Last Updated: Friday, January 24, 2014, 12:20
When it comes to protection from extreme temperatures, the polar bear fur is much more efficient than what we can develop for insulating our buildings.
Last Updated: Friday, August 16, 2013, 22:32
Until recently no one could say whether the stunning tail feathers of peacocks actually drew the eyes of peahens.
Last Updated: Friday, January 04, 2013, 20:14
Some feathered dinosaurs used tail plumage to attract mates, much like modern-day peacocks and turkeys, according to a new study.
Last Updated: Tuesday, September 18, 2012, 19:23
Neanderthals harvested feathers from birds in order to use them as personal ornaments, a new study has suggested.
Last Updated: Friday, May 11, 2012, 14:07
While the concept of regenerative medicine is comparatively new, animals are well known to remake their hair and feathers regularly by normal regenerative physiological processes.
Last Updated: Friday, March 09, 2012, 18:33
The colour and detailed feather pattern of Microraptor, a pigeon-sized, four-winged dinosaur that lived about 130 million years ago, has been revealed by a team of American and Chinese researchers.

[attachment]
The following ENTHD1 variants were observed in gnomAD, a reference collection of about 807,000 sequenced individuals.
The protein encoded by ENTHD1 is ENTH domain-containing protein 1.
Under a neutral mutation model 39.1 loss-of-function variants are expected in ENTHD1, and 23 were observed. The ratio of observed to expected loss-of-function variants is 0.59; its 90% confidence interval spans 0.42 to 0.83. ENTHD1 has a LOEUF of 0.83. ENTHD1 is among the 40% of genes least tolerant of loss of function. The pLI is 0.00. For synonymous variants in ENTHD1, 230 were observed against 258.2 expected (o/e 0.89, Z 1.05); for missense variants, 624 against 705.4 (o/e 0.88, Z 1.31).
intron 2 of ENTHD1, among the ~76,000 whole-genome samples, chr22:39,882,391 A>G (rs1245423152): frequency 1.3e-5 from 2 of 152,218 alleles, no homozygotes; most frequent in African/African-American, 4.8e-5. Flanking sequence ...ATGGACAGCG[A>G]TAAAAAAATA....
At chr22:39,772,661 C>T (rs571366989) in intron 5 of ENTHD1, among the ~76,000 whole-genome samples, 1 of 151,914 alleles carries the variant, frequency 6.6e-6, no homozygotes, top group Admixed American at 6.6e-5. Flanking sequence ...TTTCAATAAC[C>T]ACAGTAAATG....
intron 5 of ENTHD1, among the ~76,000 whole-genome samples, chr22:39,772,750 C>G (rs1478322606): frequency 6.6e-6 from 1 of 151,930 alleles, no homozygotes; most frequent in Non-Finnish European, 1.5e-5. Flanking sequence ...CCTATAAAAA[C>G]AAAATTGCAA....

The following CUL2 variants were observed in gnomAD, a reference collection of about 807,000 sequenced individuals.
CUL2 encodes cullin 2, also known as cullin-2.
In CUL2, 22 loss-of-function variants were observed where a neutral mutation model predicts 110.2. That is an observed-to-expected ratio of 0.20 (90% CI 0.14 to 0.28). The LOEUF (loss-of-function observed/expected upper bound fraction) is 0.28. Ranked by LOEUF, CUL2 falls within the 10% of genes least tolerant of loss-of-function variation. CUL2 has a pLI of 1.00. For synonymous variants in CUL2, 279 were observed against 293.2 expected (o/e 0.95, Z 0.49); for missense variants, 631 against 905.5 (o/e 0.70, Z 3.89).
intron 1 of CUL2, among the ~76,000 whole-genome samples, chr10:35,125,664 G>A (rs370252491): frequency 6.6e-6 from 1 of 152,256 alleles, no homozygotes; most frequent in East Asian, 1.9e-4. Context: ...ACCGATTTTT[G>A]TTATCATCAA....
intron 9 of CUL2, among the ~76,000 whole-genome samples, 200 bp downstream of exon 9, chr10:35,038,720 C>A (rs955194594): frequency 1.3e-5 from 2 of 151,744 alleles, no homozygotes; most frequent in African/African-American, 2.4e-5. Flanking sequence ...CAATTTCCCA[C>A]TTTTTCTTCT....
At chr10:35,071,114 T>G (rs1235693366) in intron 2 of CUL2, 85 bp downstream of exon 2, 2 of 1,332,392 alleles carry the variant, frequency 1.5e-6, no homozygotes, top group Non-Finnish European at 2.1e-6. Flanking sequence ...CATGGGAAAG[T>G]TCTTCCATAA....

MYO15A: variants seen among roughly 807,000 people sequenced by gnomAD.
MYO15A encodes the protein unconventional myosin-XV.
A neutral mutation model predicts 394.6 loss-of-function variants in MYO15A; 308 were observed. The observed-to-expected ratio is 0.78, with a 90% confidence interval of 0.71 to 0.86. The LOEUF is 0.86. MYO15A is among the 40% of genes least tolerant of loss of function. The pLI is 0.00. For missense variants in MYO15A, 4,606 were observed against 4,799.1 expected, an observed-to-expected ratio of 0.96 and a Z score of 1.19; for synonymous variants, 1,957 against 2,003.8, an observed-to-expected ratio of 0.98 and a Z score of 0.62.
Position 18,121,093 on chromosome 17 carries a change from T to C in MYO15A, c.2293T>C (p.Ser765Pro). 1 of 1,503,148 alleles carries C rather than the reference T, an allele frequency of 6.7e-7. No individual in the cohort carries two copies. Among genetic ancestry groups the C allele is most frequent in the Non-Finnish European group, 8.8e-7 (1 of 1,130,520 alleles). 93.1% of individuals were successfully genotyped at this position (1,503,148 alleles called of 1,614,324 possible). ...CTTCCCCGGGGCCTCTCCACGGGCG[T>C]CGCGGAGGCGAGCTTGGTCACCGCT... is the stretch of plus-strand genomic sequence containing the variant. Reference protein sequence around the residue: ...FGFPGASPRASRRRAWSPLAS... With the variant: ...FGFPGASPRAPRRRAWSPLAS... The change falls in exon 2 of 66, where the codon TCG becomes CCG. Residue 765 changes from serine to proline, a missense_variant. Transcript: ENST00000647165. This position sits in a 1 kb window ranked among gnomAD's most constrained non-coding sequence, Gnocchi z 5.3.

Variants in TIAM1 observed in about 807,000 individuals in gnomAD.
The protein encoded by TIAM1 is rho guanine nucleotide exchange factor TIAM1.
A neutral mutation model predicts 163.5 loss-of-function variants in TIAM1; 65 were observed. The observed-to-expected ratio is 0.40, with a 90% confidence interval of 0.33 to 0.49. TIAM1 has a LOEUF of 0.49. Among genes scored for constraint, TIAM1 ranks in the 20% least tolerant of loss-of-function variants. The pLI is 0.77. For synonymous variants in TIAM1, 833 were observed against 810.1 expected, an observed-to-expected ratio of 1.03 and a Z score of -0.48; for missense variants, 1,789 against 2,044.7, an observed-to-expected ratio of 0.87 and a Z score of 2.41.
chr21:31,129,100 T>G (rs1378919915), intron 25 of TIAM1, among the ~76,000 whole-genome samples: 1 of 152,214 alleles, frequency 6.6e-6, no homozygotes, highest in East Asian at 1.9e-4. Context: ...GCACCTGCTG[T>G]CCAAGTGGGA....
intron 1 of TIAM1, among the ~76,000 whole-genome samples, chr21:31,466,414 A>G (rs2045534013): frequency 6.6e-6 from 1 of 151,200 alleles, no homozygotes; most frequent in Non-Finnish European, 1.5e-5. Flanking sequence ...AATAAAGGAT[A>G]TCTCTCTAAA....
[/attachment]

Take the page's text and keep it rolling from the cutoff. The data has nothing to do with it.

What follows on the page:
Last Updated: Wednesday, January 25, 2012, 16:35
A winged dinosaur long thought to be a "missing link" in the evolution of birds may have been adorned with black feathers just like modern birds, scientists have found.
Last Updated: Thursday, September 15, 2011, 21:46
In science fiction, amber preserved the DNA that allowed rebirth of dinosaurs in Jurassic Park. In real life, amber preserved feathers that provide a new image of what dinosaurs looked like.
Last Updated: Tuesday, April 19, 2011, 13:38
Feathers from rare Pacific seabirds over the past 120 years have shown an increase in a type of toxic mercury.
Last Updated: Sunday, April 03, 2011, 11:23
New research suggests that chicken feathers could be used to produce eco-friendly, biodegradable plastics.
Last Updated: Tuesday, October 26, 2010, 18:49
A new study has revealed that flamingos apply natural make-up to attract mates.
Last Updated: Thursday, March 18, 2010, 20:42
In a new research, scientists have suggested that birds may have evolved elaborate feathers first for touch sensing, with sexual selection coming later.
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